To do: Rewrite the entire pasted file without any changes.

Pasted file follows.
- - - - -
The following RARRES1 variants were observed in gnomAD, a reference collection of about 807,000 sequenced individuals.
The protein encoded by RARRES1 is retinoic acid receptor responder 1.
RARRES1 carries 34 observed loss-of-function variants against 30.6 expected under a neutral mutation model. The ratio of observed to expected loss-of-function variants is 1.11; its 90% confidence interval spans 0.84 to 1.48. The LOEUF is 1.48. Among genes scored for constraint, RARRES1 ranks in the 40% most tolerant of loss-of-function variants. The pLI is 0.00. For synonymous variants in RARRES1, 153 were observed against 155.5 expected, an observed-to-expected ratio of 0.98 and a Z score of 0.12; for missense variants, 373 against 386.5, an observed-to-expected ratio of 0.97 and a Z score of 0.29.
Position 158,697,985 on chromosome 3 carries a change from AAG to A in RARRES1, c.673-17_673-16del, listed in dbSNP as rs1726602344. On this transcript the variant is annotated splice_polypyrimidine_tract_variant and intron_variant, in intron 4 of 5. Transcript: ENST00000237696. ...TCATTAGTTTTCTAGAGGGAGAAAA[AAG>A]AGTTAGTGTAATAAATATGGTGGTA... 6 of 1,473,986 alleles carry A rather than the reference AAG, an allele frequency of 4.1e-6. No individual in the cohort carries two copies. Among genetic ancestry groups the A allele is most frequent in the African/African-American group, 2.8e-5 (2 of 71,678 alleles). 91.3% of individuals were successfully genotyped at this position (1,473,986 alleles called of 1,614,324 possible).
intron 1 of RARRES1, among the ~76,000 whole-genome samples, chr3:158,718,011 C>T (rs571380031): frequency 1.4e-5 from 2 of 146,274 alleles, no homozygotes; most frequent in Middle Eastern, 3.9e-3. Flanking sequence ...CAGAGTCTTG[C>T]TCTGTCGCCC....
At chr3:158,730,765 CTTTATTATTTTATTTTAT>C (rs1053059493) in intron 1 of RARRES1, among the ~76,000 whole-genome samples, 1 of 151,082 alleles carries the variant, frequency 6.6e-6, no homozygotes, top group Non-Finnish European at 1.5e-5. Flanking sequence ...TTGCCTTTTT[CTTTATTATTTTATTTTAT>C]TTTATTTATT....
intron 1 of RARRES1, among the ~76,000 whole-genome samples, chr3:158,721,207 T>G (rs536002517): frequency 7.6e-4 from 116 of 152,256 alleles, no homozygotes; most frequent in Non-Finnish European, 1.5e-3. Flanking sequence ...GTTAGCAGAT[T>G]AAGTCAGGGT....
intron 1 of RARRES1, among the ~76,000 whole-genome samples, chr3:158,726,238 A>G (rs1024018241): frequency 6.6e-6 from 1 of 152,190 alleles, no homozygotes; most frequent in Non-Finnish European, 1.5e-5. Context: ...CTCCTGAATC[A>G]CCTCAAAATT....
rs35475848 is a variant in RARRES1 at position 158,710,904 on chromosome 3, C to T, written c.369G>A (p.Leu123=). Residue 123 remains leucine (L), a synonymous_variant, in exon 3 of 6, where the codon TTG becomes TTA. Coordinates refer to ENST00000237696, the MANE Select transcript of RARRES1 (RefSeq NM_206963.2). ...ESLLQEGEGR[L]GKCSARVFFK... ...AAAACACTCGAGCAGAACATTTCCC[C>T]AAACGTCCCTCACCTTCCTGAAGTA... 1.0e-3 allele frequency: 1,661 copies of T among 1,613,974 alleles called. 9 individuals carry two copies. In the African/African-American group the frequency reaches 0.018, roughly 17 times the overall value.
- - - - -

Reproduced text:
The following RARRES1 variants were observed in gnomAD, a reference collection of about 807,000 sequenced individuals.
The protein encoded by RARRES1 is retinoic acid receptor responder 1.
RARRES1 carries 34 observed loss-of-function variants against 30.6 expected under a neutral mutation model. The ratio of observed to expected loss-of-function variants is 1.11; its 90% confidence interval spans 0.84 to 1.48. The LOEUF is 1.48. Among genes scored for constraint, RARRES1 ranks in the 40% most tolerant of loss-of-function variants. The pLI is 0.00. For synonymous variants in RARRES1, 153 were observed against 155.5 expected, an observed-to-expected ratio of 0.98 and a Z score of 0.12; for missense variants, 373 against 386.5, an observed-to-expected ratio of 0.97 and a Z score of 0.29.
Position 158,697,985 on chromosome 3 carries a change from AAG to A in RARRES1, c.673-17_673-16del, listed in dbSNP as rs1726602344. On this transcript the variant is annotated splice_polypyrimidine_tract_variant and intron_variant, in intron 4 of 5. Transcript: ENST00000237696. ...TCATTAGTTTTCTAGAGGGAGAAAA[AAG>A]AGTTAGTGTAATAAATATGGTGGTA... 6 of 1,473,986 alleles carry A rather than the reference AAG, an allele frequency of 4.1e-6. No individual in the cohort carries two copies. Among genetic ancestry groups the A allele is most frequent in the African/African-American group, 2.8e-5 (2 of 71,678 alleles). 91.3% of individuals were successfully genotyped at this position (1,473,986 alleles called of 1,614,324 possible).
intron 1 of RARRES1, among the ~76,000 whole-genome samples, chr3:158,718,011 C>T (rs571380031): frequency 1.4e-5 from 2 of 146,274 alleles, no homozygotes; most frequent in Middle Eastern, 3.9e-3. Flanking sequence ...CAGAGTCTTG[C>T]TCTGTCGCCC....
At chr3:158,730,765 CTTTATTATTTTATTTTAT>C (rs1053059493) in intron 1 of RARRES1, among the ~76,000 whole-genome samples, 1 of 151,082 alleles carries the variant, frequency 6.6e-6, no homozygotes, top group Non-Finnish European at 1.5e-5. Flanking sequence ...TTGCCTTTTT[CTTTATTATTTTATTTTAT>C]TTTATTTATT....
intron 1 of RARRES1, among the ~76,000 whole-genome samples, chr3:158,721,207 T>G (rs536002517): frequency 7.6e-4 from 116 of 152,256 alleles, no homozygotes; most frequent in Non-Finnish European, 1.5e-3. Flanking sequence ...GTTAGCAGAT[T>G]AAGTCAGGGT....
intron 1 of RARRES1, among the ~76,000 whole-genome samples, chr3:158,726,238 A>G (rs1024018241): frequency 6.6e-6 from 1 of 152,190 alleles, no homozygotes; most frequent in Non-Finnish European, 1.5e-5. Context: ...CTCCTGAATC[A>G]CCTCAAAATT....
rs35475848 is a variant in RARRES1 at position 158,710,904 on chromosome 3, C to T, written c.369G>A (p.Leu123=). Residue 123 remains leucine (L), a synonymous_variant, in exon 3 of 6, where the codon TTG becomes TTA. Coordinates refer to ENST00000237696, the MANE Select transcript of RARRES1 (RefSeq NM_206963.2). ...ESLLQEGEGR[L]GKCSARVFFK... ...AAAACACTCGAGCAGAACATTTCCC[C>T]AAACGTCCCTCACCTTCCTGAAGTA... 1.0e-3 allele frequency: 1,661 copies of T among 1,613,974 alleles called. 9 individuals carry two copies. In the African/African-American group the frequency reaches 0.018, roughly 17 times the overall value.